One student’s call to conserve makes her a #WaterLess Hero
Madison Aprandini of Brevard County used visual aids from the district and invited guest speakers to help provide a water conservation educational event recently at the Cocoa Library.
If the rest of the high school graduating class of 2020 is anything like Madison Aprandini of Brevard County, Florida’s water resources have a bright future.
Madison, a senior at Edgewood Junior/Senior High School in Merritt Island, is concerned about the Sunshine State’s streams, rivers, lakes and underground aquifers, so she focused her senior project on water conservation and what we can all do to preserve our precious water resources.
“My project could have been about any topic,” she says. “I chose to arm people with knowledge about where our water comes from and why we should conserve it.”
Madison singlehandedly organized and promoted an informational water conservation event at the Cocoa Library recently, inviting guest speakers Donald Downs, the Cocoa Utilities Water Conservation Administrator, and Dr. Jennifer Mitchell, Communications Coordinator with the St. Johns River Water Management District.
In addition to recruiting attendees from her neighborhood and school, Madison wrote a research paper that provided the background for her opening comments. Knowing that half of all water used by the average household is used outdoors, Madison looked to Dr. Mitchell to provide easy ideas for cutting back on landscape watering and adhering to the district’s year-round water restrictions.
Madison traces her passion for water resource protection to two classes she attended at her high school: Environmental Biology and Advanced Placement Environmental Science. She learned about Florida’s aquifers, the potential threat of a freshwater shortage and the need for water conservation, both indoors and outdoors.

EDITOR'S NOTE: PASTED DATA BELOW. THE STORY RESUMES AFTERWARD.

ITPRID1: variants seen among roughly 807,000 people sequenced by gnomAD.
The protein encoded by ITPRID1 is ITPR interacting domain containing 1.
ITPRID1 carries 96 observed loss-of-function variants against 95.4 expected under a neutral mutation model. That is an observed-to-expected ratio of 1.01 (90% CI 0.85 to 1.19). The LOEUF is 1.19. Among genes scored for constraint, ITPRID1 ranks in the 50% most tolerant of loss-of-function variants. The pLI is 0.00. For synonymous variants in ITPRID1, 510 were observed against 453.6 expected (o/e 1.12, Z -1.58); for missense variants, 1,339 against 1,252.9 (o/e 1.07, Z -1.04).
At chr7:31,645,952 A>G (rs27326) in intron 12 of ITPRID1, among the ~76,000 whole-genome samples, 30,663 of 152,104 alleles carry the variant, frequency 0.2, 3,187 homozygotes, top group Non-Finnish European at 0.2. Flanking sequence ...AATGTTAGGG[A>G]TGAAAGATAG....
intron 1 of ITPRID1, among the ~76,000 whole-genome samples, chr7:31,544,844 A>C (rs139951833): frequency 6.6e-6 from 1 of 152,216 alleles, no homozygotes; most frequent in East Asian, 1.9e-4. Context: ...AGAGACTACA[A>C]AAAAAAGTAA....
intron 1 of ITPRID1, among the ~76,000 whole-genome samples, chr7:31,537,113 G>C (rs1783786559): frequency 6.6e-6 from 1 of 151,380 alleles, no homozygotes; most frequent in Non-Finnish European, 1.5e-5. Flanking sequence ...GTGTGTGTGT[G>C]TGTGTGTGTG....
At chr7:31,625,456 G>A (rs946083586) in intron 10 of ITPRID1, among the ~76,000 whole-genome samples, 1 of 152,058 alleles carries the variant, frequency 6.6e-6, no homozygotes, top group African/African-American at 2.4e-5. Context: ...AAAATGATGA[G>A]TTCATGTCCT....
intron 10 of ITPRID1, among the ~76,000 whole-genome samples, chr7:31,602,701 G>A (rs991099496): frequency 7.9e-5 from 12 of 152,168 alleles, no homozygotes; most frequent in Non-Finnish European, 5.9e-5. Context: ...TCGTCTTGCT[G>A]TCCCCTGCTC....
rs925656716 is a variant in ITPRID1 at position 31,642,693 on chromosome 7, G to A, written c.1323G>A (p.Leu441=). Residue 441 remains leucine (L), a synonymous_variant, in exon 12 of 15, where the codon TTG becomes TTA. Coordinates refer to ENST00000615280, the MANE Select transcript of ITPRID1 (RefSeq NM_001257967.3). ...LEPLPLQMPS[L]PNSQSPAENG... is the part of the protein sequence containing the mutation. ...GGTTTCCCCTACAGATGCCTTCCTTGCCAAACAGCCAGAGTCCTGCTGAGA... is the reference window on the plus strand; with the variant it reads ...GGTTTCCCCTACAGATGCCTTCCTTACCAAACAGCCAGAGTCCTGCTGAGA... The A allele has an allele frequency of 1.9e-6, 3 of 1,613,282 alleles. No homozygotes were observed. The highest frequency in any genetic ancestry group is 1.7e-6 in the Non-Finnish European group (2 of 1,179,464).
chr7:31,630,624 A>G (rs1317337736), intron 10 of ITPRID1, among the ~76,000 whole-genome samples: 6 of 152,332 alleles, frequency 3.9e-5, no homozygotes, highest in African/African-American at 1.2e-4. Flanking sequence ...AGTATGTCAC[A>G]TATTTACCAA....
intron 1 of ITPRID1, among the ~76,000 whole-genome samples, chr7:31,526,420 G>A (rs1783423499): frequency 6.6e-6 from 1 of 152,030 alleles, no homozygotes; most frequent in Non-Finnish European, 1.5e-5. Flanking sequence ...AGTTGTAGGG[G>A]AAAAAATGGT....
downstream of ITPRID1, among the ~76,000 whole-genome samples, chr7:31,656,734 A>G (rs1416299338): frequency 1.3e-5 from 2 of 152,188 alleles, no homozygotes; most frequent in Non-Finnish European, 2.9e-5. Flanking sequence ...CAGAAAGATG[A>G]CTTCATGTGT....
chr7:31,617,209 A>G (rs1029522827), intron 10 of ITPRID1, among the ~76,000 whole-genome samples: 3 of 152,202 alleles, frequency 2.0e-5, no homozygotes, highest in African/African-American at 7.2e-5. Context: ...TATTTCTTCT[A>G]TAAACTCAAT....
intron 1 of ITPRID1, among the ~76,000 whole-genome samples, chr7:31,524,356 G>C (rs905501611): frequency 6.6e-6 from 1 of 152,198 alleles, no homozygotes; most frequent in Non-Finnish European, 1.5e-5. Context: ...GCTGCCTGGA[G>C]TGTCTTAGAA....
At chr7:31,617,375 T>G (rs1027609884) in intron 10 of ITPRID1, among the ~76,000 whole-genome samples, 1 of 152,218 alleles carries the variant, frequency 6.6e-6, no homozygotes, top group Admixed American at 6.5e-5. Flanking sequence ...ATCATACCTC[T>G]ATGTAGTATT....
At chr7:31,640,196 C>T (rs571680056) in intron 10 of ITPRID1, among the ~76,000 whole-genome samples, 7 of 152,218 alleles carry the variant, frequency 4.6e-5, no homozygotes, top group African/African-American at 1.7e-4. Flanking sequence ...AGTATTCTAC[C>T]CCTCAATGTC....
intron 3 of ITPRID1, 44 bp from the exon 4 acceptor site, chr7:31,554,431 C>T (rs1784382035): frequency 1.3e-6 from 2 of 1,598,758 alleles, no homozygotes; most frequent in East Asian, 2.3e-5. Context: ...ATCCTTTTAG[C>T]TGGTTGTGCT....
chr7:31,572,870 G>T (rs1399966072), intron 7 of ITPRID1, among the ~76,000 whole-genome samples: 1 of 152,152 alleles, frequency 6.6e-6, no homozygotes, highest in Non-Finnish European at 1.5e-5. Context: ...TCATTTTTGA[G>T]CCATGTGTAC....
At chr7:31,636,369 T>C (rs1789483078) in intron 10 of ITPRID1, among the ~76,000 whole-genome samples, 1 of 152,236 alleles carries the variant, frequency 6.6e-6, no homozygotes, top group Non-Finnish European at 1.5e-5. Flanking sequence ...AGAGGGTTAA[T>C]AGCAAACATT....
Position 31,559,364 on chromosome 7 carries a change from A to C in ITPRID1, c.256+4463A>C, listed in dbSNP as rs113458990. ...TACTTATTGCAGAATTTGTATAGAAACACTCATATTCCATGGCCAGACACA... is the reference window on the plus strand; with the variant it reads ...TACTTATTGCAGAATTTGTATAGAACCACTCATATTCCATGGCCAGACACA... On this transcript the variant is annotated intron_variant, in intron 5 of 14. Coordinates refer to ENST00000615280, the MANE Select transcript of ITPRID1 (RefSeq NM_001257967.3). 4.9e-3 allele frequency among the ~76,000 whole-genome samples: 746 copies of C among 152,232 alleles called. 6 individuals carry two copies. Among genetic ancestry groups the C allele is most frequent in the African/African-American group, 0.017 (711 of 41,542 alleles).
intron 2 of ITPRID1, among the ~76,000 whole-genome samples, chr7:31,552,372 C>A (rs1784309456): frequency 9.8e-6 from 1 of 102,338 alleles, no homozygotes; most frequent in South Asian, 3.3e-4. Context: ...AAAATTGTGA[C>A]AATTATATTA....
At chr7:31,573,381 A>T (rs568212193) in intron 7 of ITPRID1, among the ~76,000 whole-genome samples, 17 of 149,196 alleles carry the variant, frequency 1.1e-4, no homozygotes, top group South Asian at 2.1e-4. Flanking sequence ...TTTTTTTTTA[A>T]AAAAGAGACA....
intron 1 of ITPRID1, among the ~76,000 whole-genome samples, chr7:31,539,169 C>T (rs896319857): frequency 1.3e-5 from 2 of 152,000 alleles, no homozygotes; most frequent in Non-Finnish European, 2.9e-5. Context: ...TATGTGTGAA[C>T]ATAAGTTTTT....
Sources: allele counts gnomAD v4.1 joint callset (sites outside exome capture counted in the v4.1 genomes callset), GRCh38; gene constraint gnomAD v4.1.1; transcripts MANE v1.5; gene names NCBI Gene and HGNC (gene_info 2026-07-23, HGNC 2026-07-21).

“This is the first time I have been contacted by a high school student to participate in project of this magnitude,” Mitchell says. “Even at this young age, Madison’s enthusiasm for providing useful information on responsible water use is apparent. It’s exciting to see her serve as a role model for the next generation of water conservation-minded citizens.” In fact, Madison is also involved in teaching elementary-age children about water conservation, passing her passion for the subject on to even younger students.
As attendees left the recent educational event, they discussed how little they knew about how much water they are consuming in their homes and yards and appeared motivated by Madison’s efforts to make changes, Mitchell notes.
“Community programs like this that shed light on the need to conserve water in our landscaping practices are sure to magnify the impact of dedicated individuals such as Madison,” says Mitchell.
With graduation on the horizon, Madison is setting her sights on the University of Central Florida, but she hasn’t yet officially chosen a major.
“My senior project fueled my love of environmental issues,” Madison says. “It would be really good to focus in that area. Our water is so vital and I’d really like to make a difference.”
Honestly, Madison, we think you already have.
For ideas on conserving water visit WaterLessFlorida.com
“My project could have been about any topic. I chose to arm people with knowledge about where our water comes from and why we should conserve it.”